If you read my last post about my issues with the blogging community, or my post about whether or not bloggers should be political (spoiler alert: the answer is yes, they should be!), you’ll know I have little patience for people who have no opinions beyond ‘I like that lipstick’. Or rather, I have little to no patience for people with platforms that refuse to speak out about issues – whether it’s feminism, politics, racism, or any of other other things that are wrong with the world.
I’ve been thinking a lot lately about why this is. About why half my social media feed (okay, less than half – I follow pretty fantastic and outspoken people) is silent about the rise of fascism and the deportation of immigrants and the racist nature of the beauty industry and all the other terrible things happening at the moment. And I think there are three possible answers:
These people genuinely are so privileged that they’ve not noticed the world falling apart around them.
They are aware, but they just don’t care. Either because it doesn’t affect them, or because they’re secretly white supremacists (unlikely, but you never know these days).
They’re terrified of making mistakes online.
I’m hoping – really, truly, hoping – that it’s the third option. That people are silent not because they don’t know or don’t care about what’s going on, but because they’re terrified of saying the wrong thing. Of offending their followers. Or accidentally being racist or spreading misinformation or generally being a bit ignorant.
I get it, I do. The internet can be a scary place if you have opinions. It can be particularly scary if you’re a woman with opinions. It can be scarier still if you’re still growing and learning and are a bit unsure of your world view (obviously, we’re all growing and learning – but some people are more secure in their beliefs than others).
Nobody wants to be the victim of call out culture (although, conveniently, here’s a guide of what to do if you are called out…). And in the age of the internet, where something you say in the heat of the moment can be screenshotted and used against you for years to come, it’s no wonder people are terrified of putting a foot wrong.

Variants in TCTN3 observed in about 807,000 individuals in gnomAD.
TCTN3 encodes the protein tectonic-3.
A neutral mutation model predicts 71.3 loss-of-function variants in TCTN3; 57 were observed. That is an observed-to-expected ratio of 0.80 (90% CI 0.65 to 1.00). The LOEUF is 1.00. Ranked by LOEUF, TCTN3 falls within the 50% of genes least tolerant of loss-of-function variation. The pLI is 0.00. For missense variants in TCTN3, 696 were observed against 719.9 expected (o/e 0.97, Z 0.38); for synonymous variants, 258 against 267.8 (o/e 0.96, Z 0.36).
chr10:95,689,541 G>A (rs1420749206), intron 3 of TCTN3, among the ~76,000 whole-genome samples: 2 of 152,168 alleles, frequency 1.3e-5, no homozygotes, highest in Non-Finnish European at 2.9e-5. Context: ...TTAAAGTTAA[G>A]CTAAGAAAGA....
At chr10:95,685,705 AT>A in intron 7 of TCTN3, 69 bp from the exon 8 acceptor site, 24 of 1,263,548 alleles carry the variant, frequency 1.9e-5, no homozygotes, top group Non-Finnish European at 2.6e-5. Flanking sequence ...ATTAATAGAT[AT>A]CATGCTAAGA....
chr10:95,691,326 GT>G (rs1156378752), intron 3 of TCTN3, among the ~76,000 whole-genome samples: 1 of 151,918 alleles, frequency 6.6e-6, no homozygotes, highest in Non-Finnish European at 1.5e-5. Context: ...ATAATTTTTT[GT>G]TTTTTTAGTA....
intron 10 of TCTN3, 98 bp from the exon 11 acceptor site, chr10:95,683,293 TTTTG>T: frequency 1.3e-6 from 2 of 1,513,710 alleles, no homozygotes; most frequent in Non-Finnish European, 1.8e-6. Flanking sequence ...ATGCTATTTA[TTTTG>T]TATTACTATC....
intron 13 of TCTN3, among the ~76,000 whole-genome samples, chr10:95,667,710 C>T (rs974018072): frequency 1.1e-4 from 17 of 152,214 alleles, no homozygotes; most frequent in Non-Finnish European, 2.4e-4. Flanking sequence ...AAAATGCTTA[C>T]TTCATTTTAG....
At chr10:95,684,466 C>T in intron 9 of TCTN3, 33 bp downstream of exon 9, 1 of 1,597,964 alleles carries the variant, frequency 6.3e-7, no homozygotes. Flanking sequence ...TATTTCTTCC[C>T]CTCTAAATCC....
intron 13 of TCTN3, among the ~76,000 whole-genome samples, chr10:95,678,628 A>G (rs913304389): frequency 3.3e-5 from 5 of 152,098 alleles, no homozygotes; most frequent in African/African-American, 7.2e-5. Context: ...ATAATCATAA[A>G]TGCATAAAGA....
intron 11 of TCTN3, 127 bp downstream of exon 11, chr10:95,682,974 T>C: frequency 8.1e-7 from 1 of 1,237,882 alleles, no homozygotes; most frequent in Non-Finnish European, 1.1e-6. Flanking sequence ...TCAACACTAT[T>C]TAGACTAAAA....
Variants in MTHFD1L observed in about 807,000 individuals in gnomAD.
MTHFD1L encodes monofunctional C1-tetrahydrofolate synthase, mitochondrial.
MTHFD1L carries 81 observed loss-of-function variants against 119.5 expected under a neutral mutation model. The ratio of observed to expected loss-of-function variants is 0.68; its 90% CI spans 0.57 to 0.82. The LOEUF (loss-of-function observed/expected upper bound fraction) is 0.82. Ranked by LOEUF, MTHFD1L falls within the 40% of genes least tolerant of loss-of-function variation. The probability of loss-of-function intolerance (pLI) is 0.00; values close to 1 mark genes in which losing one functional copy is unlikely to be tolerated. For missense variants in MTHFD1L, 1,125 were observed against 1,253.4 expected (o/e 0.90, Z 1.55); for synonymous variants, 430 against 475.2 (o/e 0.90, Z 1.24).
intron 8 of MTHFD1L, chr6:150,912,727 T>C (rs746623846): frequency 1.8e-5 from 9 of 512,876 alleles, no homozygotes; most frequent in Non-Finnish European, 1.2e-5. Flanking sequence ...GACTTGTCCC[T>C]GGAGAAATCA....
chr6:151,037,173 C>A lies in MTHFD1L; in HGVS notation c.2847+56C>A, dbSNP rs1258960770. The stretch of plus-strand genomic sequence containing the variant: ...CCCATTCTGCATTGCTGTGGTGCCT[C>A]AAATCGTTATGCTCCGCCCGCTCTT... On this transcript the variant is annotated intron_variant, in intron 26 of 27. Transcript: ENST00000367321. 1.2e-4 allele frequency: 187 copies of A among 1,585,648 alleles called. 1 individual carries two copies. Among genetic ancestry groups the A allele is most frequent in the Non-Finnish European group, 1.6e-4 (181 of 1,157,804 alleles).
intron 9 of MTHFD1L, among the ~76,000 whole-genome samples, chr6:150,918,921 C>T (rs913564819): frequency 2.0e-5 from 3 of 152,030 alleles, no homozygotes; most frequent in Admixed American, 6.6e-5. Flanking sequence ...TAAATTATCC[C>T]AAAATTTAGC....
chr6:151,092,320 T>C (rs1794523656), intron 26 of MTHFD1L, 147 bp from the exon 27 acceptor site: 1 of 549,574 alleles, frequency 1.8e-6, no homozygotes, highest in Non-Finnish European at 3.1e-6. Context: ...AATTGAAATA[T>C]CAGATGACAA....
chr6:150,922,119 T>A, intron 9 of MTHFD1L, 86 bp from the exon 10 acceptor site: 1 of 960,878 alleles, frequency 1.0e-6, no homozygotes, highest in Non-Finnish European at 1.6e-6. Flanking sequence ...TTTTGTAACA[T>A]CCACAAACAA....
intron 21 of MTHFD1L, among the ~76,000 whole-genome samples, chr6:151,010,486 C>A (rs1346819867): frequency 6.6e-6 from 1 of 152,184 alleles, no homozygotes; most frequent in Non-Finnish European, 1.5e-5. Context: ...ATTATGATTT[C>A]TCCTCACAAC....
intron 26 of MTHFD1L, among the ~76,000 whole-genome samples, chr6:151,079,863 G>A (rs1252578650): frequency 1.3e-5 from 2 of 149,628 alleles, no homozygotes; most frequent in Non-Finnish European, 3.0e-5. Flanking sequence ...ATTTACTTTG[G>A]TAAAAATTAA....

You see it all the time. Careers advisers tell young people to be careful of what they post on social media in case their employers say it. Hell, at my last job I was warned about being too feisty and political online, in case I change my mind in years to come.
But whilst thinking carefully about what you say – particularly on forums where it can be preserved – is important, I think too much emphasis is being placed on being perfect online.
This has been talked about before, with regards to unrealistic Instagram feeds and the like, but I think it also applies to our opinions. Sometimes on social media it can seem like you’re either a saint or a sinner, with no in-between. That there are no grey areas, and that if you put a foot wrong that’s it, you’re condemned for life, forever beholden to your social media ‘receipts’.
Well, it’s time to call bullshit on that.
As humans, we are imperfect, and we are (hopefully, if we’re decent human beings who take the time to listen to others) constantly growing and changing and becoming better, more compassionate people. Nobody is perfect – there is not one single person who is perfectly ‘woke’ all the time. So let’s stop waiting until we know everything to start expressing our opinions.
Personally, I’ve never been afraid of putting my opinions out there. My whole blogging ‘brand’ is built on being a lil bit controversial, and being loud and angry with my opinions. I literally have ‘Angry-Shouty Feminist’ in my social media bios, that’s how proud I am to be opinionated. Of course, that is partly due to my intense privilege as a white, straight, middle class, able-bodied woman. Expressing my opinions is unlikely to get me killed, or damage my career, or get me kicked out of my living situation. But it’s also just because I’ve learned to be proud of my voice.
Am I always right? Of course I’m not. Do I look back on things I tweeted 5 years ago think ‘Why the fuck did I write that?’. Of course I do – hell, I look back at stuff I wrote last week and think ‘Damn Liv, you shoulda been more nuanced, less angry, more informed, less ignorant’. But am I going to stop sharing my opinions because they might one day change? Absolutely fucking not.
See, as a woman, I’ve been told to shut up quite a lot. My ex-boyfriend literally told me off once for being ‘too angry and shouty’ (that’s where my identity as an angry-shouty feminist comes from FYI, so shout out to that dick for inspiring my personal brand). So now that I’ve finally reached a point in my life where I’m confident in my voice and my opinions, I’m gonna scream them from the roof top.
That’s not to say you – or I – should offer opinions on everything. As a white woman, I have no place writing a think-piece on Beyonce (alas, other white women have not realised this). As a middle-class woman, I have no place writing about the working class and poverty. There are literally thousands upon thousands of instances where my opinion is neither wanted, appropriate, or necessary.
But when it’s my time, you’re damn right I’m gonna use my voice. Sure, I might make a tit of myself. Yeah, I’m probably gonna offend someone. My words are gonna be misconstrued, and you can bet your bottom dollar that my opinions are gonna change; that I’m gonna look back at some of the things I’ve written here in 5 year’s time and cringe.
But you know what? At least I’m gonna be able to look back on my life and think ‘YES. I used my voice. I said my piece. I did my bit to try and change the world.’